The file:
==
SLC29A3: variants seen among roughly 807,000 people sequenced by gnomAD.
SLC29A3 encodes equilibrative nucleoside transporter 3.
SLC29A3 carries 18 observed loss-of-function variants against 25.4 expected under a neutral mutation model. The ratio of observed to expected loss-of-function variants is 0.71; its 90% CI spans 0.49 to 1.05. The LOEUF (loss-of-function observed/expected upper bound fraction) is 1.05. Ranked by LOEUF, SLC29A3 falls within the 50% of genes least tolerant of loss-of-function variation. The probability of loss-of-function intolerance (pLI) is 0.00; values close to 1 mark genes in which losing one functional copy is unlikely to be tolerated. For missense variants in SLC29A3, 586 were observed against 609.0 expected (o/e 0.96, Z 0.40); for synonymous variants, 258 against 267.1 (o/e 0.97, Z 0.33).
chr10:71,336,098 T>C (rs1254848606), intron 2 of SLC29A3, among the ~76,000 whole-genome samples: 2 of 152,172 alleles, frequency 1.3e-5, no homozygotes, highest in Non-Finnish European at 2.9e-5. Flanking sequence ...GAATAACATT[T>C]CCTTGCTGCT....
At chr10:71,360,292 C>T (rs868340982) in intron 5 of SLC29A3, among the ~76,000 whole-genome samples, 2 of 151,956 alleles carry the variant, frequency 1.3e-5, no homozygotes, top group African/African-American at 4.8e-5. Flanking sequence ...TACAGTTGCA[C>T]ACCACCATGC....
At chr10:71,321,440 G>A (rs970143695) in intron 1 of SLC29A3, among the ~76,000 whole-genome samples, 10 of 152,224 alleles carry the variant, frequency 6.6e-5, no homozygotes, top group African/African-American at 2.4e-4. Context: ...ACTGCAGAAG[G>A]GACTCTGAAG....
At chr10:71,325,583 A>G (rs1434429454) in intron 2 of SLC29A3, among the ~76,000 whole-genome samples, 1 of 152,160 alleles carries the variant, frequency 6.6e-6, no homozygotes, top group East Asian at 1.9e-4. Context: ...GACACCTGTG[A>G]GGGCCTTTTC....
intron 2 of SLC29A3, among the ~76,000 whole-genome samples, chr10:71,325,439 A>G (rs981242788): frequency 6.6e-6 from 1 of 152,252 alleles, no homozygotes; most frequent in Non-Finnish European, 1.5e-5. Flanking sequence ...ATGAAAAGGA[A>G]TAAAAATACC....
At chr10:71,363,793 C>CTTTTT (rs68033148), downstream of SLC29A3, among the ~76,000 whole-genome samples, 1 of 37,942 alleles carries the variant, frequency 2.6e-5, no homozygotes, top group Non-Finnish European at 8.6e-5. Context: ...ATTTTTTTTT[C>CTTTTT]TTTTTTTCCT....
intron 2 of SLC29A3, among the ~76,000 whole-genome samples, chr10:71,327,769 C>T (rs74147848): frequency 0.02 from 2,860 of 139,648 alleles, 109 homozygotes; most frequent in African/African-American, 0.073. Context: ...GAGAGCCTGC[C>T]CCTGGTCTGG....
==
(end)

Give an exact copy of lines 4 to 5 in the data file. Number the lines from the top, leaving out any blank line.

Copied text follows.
chr10:71,336,098 T>C (rs1254848606), intron 2 of SLC29A3, among the ~76,000 whole-genome samples: 2 of 152,172 alleles, frequency 1.3e-5, no homozygotes, highest in Non-Finnish European at 2.9e-5. Flanking sequence ...GAATAACATT[T>C]CCTTGCTGCT....
At chr10:71,360,292 C>T (rs868340982) in intron 5 of SLC29A3, among the ~76,000 whole-genome samples, 2 of 151,956 alleles carry the variant, frequency 1.3e-5, no homozygotes, top group African/African-American at 4.8e-5. Flanking sequence ...TACAGTTGCA[C>T]ACCACCATGC....